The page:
Please Keep Off the Grass!


In England we used to speak of Wembley's "hallowed turf" in the build up to the F.A. Cup Final.

Everyone knew the phrase, though it is not said much anymore. 


Tottenham Hotspur's game against Manchester City on the 29th of October saw the playing surface of our national stadium appear more like a chewed up third division ground from the 1970's.

Hallowed ground? A desecrated temple, more like.

Wembley's green lawn that night was a badly scuffed and muddy disgrace in its middle section, with the ersatz lines of gridiron and the faded red and blue inks of a big NFL logo staining the centre-circle. 

The narrower dimensions of the gridiron field were clear from the long scarring on either flank where the army of NFL players and assistants stand for most of their games (picture from Evening Standard).

Only a day earlier the mastodons of the Philadelphia Eagles and Jacksonville Jaguars had fought out a competitive American Football match over three gruelling hours on the same pitch. There was no way in heaven it could have been ready for Premier League football 24 hours later.

Of course, Spurs were only playing at Wembley because their new arena in Haringey had not been finished in time, but three NFL games and an Anthony Joshua boxing match have damaged the playing surface quite seriously.

Barely two weeks earlier the Football Association had declined Jaguars team owner Shahid Khan's bid to buy the stadium for £600 million, following a lack of unanimity on the FA's council and the support of only a third of the consulted public.

Khan wanted to move the Jaguars from sunny Florida to drizzly Brent and make them a permanent London 'franchise'. 

With sell-out crowds at Wembley the expectation of a London NFL side has now reached fever pitch, but it is surely time to cool this fervour.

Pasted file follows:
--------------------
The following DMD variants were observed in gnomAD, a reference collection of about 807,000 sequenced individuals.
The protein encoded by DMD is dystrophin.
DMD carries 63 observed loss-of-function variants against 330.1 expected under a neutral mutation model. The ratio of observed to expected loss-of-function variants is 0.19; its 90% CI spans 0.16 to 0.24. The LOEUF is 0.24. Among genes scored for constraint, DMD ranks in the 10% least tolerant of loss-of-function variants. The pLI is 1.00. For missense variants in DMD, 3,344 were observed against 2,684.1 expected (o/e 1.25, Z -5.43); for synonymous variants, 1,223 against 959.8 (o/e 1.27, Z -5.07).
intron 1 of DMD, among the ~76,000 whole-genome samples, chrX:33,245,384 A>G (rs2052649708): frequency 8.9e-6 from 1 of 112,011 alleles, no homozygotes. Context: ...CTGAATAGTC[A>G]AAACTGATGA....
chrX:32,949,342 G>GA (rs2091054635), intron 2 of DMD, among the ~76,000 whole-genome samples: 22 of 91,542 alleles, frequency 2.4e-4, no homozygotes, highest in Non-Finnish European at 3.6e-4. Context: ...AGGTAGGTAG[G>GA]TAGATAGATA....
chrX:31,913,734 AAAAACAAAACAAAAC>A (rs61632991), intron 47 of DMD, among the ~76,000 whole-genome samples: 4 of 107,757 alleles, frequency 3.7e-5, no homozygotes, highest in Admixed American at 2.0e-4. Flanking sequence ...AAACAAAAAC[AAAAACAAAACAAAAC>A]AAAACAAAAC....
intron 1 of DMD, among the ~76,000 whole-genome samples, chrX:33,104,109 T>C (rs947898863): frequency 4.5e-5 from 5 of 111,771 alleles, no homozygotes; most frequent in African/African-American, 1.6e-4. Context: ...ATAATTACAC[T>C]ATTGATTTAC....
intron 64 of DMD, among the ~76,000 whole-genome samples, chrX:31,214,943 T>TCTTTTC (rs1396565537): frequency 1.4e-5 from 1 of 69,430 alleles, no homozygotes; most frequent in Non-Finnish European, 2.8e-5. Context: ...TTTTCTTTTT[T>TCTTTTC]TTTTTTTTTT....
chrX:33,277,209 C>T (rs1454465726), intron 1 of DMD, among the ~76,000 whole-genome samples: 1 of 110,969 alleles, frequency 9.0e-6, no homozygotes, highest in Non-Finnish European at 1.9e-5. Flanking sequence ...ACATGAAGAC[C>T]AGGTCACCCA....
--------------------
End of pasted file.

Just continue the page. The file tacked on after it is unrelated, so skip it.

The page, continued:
After witnessing the appalling state of the grass at the Spurs v Man City match, it felt like the rejection of Khan's plan was an almighty deliverance from the prospect of having around ten NFL games at Wembley instead of the current three.

Spurs ironically have signed up to host two NFL games at their new ground next year but will not be the new base for a team. Unlike at Wembley, there is precious little space for tailgating at White Hart Lane and the neighbourhood is not London's most attractive.

The NFL is welcome here but it must aim at building its own arenas, just like MLS teams have done in the USA having moved on from unhappy ground-sharing with NFL clubs. 

But Khan's plan was different as it involved buying and taking over Wembley, our national stadium, for the primary purpose of hosting American Football. 

If the game's homeland still has anything approaching a soul, that must be a non-starter.

But is that rose-tinted romanticism? The twin towers have been demolished, the field where Bobby Moore raised the Jules Rimet aloft has been turned 90 degrees, Wembley Way is not a majestic avenue but a mundanely tiled walkway flanked by concrete warehouses and malodorous fast food stands.

But if football means more than just an entertainment option, it must have icons and sacred spaces. 

Football need not be the only game to be played at Wembley but it must come first and foremost. American football and other sports must gracefully know their place there.

In short, it is time to bring back the hallowed turf.

(c) Sean O'Conor & Soccerphile

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